FDA clears heart mapping system that hunts down arrhythmias using only a 12-lead ECG

To treat a persistent arrhythmia, surgeons need to know more than just that the heart’s beats are out of sync—they need a map of the cardiac muscle’s electrical activity to see exactly where things are going wrong. 

That typically means scheduling CT, MRI or ultrasound scans; performing intricate, catheter-based procedures to probe the inside of the heart or having the patient don specially designed vests woven with dozens of electrodes.

But now, the FDA has cleared a novel system from Vektor Medical that builds a model of the heart’s electrophysiology using data gleaned from a 12-lead electrocardiogram. By coupling standard ECG hardware with the company’s software, clinicians can chart out arrhythmia hotspots noninvasively in 2D and 3D diagrams and in less than three minutes.

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The vMap system is designed to locate the potential sources of irregular beats across the heart’s four main chambers as well as in its outflow tracts and internal walls. According to the company, the program has shown success in tracking down a variety of different arrhythmias including atrial fibrillation and that it can be used alone or alongside traditional diagnostic systems.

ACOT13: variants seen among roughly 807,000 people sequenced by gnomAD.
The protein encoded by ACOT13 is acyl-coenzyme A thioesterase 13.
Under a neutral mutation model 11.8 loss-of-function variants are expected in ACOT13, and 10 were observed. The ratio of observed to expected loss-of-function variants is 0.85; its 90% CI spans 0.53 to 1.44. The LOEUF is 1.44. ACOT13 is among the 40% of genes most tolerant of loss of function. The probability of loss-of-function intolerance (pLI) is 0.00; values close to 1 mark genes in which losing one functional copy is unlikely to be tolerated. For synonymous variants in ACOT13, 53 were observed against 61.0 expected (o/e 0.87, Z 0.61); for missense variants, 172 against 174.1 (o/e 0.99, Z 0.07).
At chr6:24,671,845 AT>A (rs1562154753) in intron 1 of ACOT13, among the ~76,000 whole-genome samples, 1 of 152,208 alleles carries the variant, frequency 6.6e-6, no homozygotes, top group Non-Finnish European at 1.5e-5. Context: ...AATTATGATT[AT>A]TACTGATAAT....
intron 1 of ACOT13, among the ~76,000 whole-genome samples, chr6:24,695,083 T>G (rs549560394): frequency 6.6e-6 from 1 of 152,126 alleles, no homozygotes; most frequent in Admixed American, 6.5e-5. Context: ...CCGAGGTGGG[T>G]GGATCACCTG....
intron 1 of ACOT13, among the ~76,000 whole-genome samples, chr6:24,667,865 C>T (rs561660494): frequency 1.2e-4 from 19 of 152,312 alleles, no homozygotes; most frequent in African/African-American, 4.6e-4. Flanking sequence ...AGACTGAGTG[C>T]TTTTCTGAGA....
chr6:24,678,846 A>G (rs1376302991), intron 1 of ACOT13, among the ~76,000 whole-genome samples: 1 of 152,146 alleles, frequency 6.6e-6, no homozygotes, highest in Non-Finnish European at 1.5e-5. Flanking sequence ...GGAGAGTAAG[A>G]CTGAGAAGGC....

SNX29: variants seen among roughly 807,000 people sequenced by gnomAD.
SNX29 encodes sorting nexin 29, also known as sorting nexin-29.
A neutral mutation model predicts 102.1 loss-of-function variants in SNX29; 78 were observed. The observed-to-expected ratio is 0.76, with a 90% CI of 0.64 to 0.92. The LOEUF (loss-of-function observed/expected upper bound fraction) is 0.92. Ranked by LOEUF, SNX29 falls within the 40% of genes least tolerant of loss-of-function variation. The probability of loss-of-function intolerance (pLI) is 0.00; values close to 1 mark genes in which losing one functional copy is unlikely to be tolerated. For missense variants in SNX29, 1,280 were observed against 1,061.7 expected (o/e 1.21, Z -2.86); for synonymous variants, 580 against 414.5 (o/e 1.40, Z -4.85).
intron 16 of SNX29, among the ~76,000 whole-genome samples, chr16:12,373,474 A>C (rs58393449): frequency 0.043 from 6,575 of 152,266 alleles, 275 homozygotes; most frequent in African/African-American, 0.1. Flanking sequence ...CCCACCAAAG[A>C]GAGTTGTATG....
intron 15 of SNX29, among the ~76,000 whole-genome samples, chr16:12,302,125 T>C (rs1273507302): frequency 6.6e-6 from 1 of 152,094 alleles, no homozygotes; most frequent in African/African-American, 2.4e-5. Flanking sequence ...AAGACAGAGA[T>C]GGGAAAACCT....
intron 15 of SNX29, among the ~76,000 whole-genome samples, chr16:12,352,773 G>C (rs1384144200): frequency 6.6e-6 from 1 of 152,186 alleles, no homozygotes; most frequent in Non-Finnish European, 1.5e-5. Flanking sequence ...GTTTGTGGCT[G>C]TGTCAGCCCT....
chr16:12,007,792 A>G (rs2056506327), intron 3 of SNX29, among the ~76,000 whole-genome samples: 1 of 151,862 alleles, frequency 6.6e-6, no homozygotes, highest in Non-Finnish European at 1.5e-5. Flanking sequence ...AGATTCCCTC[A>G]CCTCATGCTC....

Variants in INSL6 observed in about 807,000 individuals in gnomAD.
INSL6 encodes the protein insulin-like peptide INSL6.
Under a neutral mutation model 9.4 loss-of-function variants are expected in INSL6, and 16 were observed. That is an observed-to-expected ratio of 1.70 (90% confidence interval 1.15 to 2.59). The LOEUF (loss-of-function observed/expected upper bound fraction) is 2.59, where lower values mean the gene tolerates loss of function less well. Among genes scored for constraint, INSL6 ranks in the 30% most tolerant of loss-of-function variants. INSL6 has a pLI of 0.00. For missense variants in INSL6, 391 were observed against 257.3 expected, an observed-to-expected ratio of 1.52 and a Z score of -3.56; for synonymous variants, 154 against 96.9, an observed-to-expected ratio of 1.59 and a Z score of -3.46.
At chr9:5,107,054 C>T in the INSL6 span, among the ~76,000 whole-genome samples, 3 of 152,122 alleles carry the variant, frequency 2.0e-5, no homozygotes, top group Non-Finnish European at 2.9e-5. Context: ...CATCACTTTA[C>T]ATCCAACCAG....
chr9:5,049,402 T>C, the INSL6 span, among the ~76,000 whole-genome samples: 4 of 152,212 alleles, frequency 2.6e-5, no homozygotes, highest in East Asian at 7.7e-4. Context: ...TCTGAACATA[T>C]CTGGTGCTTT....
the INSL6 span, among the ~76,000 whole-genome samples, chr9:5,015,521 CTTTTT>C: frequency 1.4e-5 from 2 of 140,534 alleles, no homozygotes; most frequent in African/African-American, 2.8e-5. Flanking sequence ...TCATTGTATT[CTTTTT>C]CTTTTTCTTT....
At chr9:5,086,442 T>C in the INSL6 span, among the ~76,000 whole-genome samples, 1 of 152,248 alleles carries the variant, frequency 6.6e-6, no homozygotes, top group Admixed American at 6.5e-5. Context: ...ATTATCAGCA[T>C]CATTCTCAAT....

Earlier this year, Vektor demonstrated how vMap could assist in planning stereotactic ablative radiotherapy procedures for treating ventricular tachycardia. A prospective study showed the system could precisely localize VT sources in all of its seven cases. The results were published in the Heart Rhythm Society’s journal Heart Rhythm O2.

“Cardiac arrhythmias impact millions of people across the globe, increasing the risk of serious health-related issues such as stroke, heart failure and even death,” Vektor Medical CEO Mike Monko said in a statement. “Yet, today’s therapies have significant issues—drug therapy can have severe side effects, and nontargeted ablation has disappointingly low success rates.” 

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Meanwhile this past summer, the FDA cleared a heart-mapping platform from CardioNXT, which pairs patches worn on the chest with an internal reference catheter outfitted with electromagnetic sensors. That system provides 3D guidance for cardiac ablation treatments similar to surgical systems designed for brain, spine and lung procedures.

And in early 2020, Acutus Medical received an agency green light for its real-time, noncontact catheter mapping platform, which allows surgeons to scan the inside of the heart’s chambers, perform an ablation and then quickly remap the organ to confirm the effects of the procedure.